Eileen ~ by Ottessa Moshfegh

This is not for the feint at heart!    I might have read it anyway,  but it was chosen  for a group (BookerPrize Group  for August).   I  postponed it until closer to the discussion,  but couldn’t wait anymore     I knew the schedule and it came up on sale.  (lol)

I disliked every single character in this book.  They are all (every one of them) sick, ugly, and very realistically drawn.   That said,  the combination makes for a good story and I certainly don’t judge a book by if I “like” the characters.  .


by Ottessa Moshfegh
2016 / 272 pages
read by Aylssa Bresnahan – 8h 46m
rating – 7/A  –   literary suspense 

Eileen Dunlop is a youngish woman whose mother died some years prior and at the point of the main story lives alone with her father.  Her father is a chronic drunkard – a danger.    Eileen is not much better,  but she’s young,  employed at a juvenile detention center,  and not really dangerous.   She tells us her story in 1st person from the vantage point of a couple decades later.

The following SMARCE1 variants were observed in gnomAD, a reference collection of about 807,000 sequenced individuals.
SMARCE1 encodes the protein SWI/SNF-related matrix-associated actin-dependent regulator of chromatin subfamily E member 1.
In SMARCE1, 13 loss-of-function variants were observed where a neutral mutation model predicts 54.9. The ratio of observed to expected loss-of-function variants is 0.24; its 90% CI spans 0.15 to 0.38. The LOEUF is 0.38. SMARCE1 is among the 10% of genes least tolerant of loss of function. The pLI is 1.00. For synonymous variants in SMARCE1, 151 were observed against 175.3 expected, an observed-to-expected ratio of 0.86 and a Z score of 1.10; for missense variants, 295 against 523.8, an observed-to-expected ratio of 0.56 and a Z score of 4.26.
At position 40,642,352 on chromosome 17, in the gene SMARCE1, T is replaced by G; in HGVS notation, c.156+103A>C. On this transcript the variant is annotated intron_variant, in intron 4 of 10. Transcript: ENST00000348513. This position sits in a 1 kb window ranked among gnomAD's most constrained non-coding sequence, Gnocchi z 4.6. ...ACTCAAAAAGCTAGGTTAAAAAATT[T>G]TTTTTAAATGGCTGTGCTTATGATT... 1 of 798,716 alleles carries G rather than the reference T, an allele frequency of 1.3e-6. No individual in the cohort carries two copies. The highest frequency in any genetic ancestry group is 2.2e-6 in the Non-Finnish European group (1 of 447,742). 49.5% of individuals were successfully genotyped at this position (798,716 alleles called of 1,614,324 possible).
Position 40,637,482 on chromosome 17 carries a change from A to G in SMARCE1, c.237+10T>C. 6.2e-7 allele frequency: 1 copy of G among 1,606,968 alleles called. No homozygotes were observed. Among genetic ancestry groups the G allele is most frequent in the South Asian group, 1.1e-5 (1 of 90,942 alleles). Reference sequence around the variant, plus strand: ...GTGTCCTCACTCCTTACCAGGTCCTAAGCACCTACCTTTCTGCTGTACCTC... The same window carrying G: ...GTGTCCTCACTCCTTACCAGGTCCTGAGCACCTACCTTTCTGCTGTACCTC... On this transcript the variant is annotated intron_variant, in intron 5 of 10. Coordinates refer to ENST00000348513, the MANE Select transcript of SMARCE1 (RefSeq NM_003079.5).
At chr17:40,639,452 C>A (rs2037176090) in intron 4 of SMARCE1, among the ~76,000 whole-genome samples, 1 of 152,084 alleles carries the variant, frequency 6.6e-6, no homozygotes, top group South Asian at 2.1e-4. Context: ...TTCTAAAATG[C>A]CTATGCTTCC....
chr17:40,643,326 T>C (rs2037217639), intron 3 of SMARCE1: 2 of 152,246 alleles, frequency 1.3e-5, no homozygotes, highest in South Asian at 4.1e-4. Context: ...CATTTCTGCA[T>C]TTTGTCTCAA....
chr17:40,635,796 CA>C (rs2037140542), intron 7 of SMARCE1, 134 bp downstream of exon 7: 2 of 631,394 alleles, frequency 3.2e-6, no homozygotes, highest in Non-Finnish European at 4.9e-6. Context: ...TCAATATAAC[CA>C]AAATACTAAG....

Eileen’s mental issues are apparent from the start –  she’s incredibly self-pitying,  resentful and judgmental.  She and her father have let the house fall apart in the worst ways and she’s lazy,  smelly,  skinny,  friendless –  hateful really.   She even despises herself and she’s horribly lonely.  She’s wanted to leave for years.   Eileen seems to be telling us the truth of the ugly situation – as she sees it anyway – that’s not a problem.

Then one day a new co-worker shows up at the detention center and befriends Eileen.  Rebecca St. John is everything Eileen wants in a friend.

The suspense is excellent and the writing quite good – it was even short-listed for the Man Booker Prize.  If you enjoy suspense and can tolerate a fair amount of wickedness, (retold,  not graphic)   I say go for it.

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2 Responses to Eileen ~ by Ottessa Moshfegh

  1. Lisa Hill says:

    I’ve seen this one around in the shops, but it doesn’t appeal!


    • I understand – we don’t discuss it until August but I think I’ll remember enough to avoid rereading. It’s good once, if you really like suspense, but to double-dip I would possibly consider masochism. (lol)


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